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Chalmers Here

from the upcoming book DRIVING ME CRAZY...



I don’t even have a photo of him.

When I recently thought about Tom Chalmers, who left New York City nearly 20 years ago to return to his roots in Texas, I realized that I had never taken a photograph of him. That’s strange because I have hundreds – no, maybe thousands – of photos of family, friends, and acquaintances.

But no photos of Chalmers.

That’s odd and yet I certainly didn’t need a photo to remember him. Physically, Tom was nondescript: a short man with close-cropped hair, a small pot belly, and an impish grin, who spoke softly with the trace of a southern accent. He rarely talked much about himself – although he loved to listen to anything you cared to tell him; he called it gossip, but I now see that it was Tom’s way of connecting with life. He was a shy, private man, who loved to laugh and loved to help.

He would always answer the phone in the same way, “Chalmers here” – which always sounded to me like an affirmation: Chalmers was always there when you needed him.

If you asked him what he did, he would always give you a jokey response; although from Texas, he had none of the flamboyance normally associated with the Lone Star State. If pressed, he would tell you he practiced Alexander Technique “table work,” mixed in with Shiatsu. He was a healer, although he never called himself that. To everyone who knew him, he was just Chalmers.

I first met him in 1982, when an actress friend of mine, Kathy Fleig, suggested I see him because I was having stiffness in my shoulders and pain in my back, “See this guy,” she said, handing me his phone number scribbled on a page. “He’s wonderful.”

I went to the address on 14th Street and Fifth Avenue, a 1960s era building, bland on the outside, with an elegant lobby inside. I went up in the elevator, not knowing what to expect. He was waiting to greet me at the door of his apartment. The place itself was one of those low-ceilinged cookie-cutter apartments that was typical of a 1960s era building, so without character, so unlike Tom. 

He offered me a quiet “Now what can I do for you, sir?” as he led me into what had been a bedroom but was now a “workroom.” The floors were carpeted here, as elsewhere, wall to wall, and the nearly empty room was dominated by a bed-like table sitting near the window. He had me sit on it, and as my legs dangled over one side, I told him about my pains. Then he stood behind me and pressed what I later learned were pressure points in my head. As he pressed them, I felt pains in my back (“Everything is connected,” he said when I asked him about it). He showed me then how to hold out my arm in a way that gave it support, told me how to sit properly (not to cross my legs because that would throw different points in my back out of alignment), and then, after massaging me on the table, he played his “Sherlock Holmes game,” telling me, “You had something sweet to eat earlier today.” After I expressed my amazement, he told me everyone has a “sugar line” in their leg and it was sensitive to the touch when the body had taken in too much sugar. “How elementary!” He also had me massage the bottom of my feet with a tennis ball.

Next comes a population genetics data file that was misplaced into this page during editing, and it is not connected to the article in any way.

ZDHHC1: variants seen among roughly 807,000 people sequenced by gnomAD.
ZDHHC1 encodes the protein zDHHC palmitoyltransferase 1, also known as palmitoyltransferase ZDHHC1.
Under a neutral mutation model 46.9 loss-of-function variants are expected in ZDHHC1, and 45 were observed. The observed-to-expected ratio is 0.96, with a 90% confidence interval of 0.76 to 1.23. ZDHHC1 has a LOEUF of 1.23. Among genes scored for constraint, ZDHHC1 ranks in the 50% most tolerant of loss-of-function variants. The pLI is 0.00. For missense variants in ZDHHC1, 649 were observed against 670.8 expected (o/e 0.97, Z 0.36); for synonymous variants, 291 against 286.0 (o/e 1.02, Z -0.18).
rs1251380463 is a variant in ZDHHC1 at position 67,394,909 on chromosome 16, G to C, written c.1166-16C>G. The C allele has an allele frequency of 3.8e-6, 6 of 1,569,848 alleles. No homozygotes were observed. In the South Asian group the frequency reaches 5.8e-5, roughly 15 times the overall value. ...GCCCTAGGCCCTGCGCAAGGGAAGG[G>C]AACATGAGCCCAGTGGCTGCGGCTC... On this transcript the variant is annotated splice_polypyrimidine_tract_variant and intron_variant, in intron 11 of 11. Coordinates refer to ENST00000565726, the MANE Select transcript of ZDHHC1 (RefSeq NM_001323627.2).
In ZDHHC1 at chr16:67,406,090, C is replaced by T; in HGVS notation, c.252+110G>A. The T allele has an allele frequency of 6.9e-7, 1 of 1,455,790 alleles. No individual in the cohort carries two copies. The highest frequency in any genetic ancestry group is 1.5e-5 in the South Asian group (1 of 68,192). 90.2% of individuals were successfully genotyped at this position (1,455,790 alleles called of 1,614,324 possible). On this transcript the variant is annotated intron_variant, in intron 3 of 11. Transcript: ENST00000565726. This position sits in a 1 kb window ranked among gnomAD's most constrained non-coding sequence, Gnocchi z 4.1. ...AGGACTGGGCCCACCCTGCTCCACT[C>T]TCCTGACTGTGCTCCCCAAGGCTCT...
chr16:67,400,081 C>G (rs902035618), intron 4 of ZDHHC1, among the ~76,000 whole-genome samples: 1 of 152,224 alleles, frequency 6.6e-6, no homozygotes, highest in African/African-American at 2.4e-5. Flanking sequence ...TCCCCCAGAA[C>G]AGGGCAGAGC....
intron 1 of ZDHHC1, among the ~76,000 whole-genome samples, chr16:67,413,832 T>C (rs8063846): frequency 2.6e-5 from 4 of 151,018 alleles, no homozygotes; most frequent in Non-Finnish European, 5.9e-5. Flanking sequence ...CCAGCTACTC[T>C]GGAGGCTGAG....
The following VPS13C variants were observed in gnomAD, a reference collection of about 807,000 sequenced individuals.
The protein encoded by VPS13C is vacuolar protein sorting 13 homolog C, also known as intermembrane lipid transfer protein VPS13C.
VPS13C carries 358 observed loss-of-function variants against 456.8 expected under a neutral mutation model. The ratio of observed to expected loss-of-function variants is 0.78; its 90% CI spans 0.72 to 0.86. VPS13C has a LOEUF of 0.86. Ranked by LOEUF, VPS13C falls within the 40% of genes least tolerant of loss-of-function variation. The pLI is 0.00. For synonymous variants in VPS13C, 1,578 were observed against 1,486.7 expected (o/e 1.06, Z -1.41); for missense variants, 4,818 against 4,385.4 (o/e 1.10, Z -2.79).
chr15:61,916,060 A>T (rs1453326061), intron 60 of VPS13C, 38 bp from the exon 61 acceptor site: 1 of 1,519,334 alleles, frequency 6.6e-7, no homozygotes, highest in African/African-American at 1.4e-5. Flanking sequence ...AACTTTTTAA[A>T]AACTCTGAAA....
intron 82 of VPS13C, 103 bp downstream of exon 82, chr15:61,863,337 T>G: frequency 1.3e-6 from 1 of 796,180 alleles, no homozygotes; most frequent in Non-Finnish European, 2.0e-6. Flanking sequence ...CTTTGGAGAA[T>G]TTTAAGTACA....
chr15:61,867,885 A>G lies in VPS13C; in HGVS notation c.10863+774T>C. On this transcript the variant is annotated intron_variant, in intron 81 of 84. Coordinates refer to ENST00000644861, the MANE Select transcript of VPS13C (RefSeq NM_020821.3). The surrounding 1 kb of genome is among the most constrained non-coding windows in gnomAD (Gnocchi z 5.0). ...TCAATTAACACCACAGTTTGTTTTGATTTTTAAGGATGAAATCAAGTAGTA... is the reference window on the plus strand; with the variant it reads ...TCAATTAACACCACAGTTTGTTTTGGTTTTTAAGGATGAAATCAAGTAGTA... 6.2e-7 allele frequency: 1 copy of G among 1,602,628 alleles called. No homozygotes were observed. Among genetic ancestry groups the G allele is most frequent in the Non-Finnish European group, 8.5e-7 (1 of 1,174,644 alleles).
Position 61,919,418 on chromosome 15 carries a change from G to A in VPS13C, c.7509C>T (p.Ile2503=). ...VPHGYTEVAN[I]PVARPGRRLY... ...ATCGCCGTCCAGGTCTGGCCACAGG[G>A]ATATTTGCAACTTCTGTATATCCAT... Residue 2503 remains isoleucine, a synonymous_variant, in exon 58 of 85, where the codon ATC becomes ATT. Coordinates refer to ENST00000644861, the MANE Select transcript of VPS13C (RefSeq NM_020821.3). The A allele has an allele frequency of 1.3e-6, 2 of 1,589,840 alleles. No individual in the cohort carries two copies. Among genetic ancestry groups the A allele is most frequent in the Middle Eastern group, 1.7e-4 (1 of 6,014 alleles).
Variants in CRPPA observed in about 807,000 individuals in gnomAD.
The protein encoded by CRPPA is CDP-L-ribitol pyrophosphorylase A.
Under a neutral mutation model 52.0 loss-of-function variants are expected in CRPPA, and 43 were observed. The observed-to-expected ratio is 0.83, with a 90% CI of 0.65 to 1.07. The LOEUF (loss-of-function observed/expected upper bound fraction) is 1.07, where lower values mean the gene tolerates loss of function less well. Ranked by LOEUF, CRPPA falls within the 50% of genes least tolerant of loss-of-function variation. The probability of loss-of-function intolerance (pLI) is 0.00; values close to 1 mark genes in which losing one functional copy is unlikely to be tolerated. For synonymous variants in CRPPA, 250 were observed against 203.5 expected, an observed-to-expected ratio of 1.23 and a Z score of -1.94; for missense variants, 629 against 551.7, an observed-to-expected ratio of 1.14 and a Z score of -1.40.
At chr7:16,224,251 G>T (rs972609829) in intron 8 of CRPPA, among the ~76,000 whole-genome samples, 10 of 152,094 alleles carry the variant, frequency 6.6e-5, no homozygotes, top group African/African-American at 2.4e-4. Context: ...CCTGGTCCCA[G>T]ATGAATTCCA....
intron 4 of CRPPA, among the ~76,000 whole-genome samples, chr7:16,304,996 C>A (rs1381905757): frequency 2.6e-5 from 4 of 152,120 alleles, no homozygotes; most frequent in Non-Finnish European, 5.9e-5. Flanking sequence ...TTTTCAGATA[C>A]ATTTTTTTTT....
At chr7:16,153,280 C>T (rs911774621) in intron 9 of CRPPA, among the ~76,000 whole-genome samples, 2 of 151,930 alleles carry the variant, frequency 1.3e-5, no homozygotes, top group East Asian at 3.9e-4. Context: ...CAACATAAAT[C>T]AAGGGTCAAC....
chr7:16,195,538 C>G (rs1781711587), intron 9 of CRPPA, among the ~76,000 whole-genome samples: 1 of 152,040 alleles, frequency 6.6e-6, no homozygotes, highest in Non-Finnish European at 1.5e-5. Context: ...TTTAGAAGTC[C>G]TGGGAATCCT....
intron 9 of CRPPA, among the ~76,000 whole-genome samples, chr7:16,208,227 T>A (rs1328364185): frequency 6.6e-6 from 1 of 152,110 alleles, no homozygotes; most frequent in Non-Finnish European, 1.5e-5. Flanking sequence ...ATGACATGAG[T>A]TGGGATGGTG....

It was a singular experience – and I did feel better – but that night one of my feet went into a painful spasm. I called Chalmers and he saw me the next morning, genuinely puzzled by my foot’s reaction. In fact, over the years that I saw him in that nondescript, empty room, he would often comment on the strange twitches and jerks that my body would make as he worked on me, complimenting me, in his own way, by saying, “You should leave your body to science. It’s reactions are so unusual. You’re just wired differently.”

That was the beginning of my friendship with Tom Chalmers, whom I would visit once a week for an hour-long session. For years, he only charged me $20 a week. I’m guessing his rates were as idiosyncratic as the man, who was more interested in a rich yarn (I would often do much of the talking during the session) than getting rich off you. I remember one session he asked me: “Have you heard the music to Out of Africa? It’s beautiful.” I told him it was composed by my favorite film composer, John Barry. “Could you give me a tape of it?” I did, and he gave me a free session. He asked me if I had any more John Barry recordings. I said yes. He said: “If you bring me a new John Barry tape each week, I’ll trade you sessions for them.” I told him that was unnecessary – I’d just give him the tapes. He wouldn’t hear of it. Consequently, I got about three months of free sessions – until I ran out of John Barry.

He would rarely talk much about himself, but I did learn that he grew up in a big house in Texas, that he was happy to get away, that he had even worked in an office for a time, I think as an office manager, and that he had once suffered through a mistaken identity case, in which he was misidentified as another Tom Chalmers, a deadbeat dad.

Like most of his stories, the “deadbeat dad” tale was told briefly – almost matter-of-factly – as though it had happened to someone else. He was always guarded about his past and his feelings, but his actions frequently betrayed him. Early on in our relationship, I told him about an improv show I was appearing in at the Duplex, a downtown club. He was non-committal, but near the end of the show, I saw him sitting at a table at the back. He smiled at me, but before I could speak to him, he was gone.

Chalmers was like that, the classic “enigma wrapped in a riddle” type of guy. Even when he sold his apartment some years ago and moved to Texas, he did it so casually, as though he were taking a walk with one of his many pets.